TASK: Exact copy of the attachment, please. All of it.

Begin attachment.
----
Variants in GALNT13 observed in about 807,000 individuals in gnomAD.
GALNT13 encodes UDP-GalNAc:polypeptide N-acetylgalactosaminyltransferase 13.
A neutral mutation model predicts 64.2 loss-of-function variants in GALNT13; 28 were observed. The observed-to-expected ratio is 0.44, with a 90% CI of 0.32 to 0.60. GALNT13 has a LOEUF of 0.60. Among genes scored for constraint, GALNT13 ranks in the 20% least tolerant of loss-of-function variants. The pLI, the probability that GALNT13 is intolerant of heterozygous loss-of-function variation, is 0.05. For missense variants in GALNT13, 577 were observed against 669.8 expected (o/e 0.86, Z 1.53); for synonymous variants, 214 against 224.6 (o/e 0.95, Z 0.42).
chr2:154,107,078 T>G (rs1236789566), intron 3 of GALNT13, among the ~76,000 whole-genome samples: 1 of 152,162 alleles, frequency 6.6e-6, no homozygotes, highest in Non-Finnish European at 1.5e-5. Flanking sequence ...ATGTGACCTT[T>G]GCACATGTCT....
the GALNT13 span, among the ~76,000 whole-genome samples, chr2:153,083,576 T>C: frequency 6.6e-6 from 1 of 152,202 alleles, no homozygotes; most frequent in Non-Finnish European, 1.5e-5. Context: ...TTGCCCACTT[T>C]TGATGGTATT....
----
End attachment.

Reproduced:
Variants in GALNT13 observed in about 807,000 individuals in gnomAD.
GALNT13 encodes UDP-GalNAc:polypeptide N-acetylgalactosaminyltransferase 13.
A neutral mutation model predicts 64.2 loss-of-function variants in GALNT13; 28 were observed. The observed-to-expected ratio is 0.44, with a 90% CI of 0.32 to 0.60. GALNT13 has a LOEUF of 0.60. Among genes scored for constraint, GALNT13 ranks in the 20% least tolerant of loss-of-function variants. The pLI, the probability that GALNT13 is intolerant of heterozygous loss-of-function variation, is 0.05. For missense variants in GALNT13, 577 were observed against 669.8 expected (o/e 0.86, Z 1.53); for synonymous variants, 214 against 224.6 (o/e 0.95, Z 0.42).
chr2:154,107,078 T>G (rs1236789566), intron 3 of GALNT13, among the ~76,000 whole-genome samples: 1 of 152,162 alleles, frequency 6.6e-6, no homozygotes, highest in Non-Finnish European at 1.5e-5. Flanking sequence ...ATGTGACCTT[T>G]GCACATGTCT....
the GALNT13 span, among the ~76,000 whole-genome samples, chr2:153,083,576 T>C: frequency 6.6e-6 from 1 of 152,202 alleles, no homozygotes; most frequent in Non-Finnish European, 1.5e-5. Context: ...TTGCCCACTT[T>C]TGATGGTATT....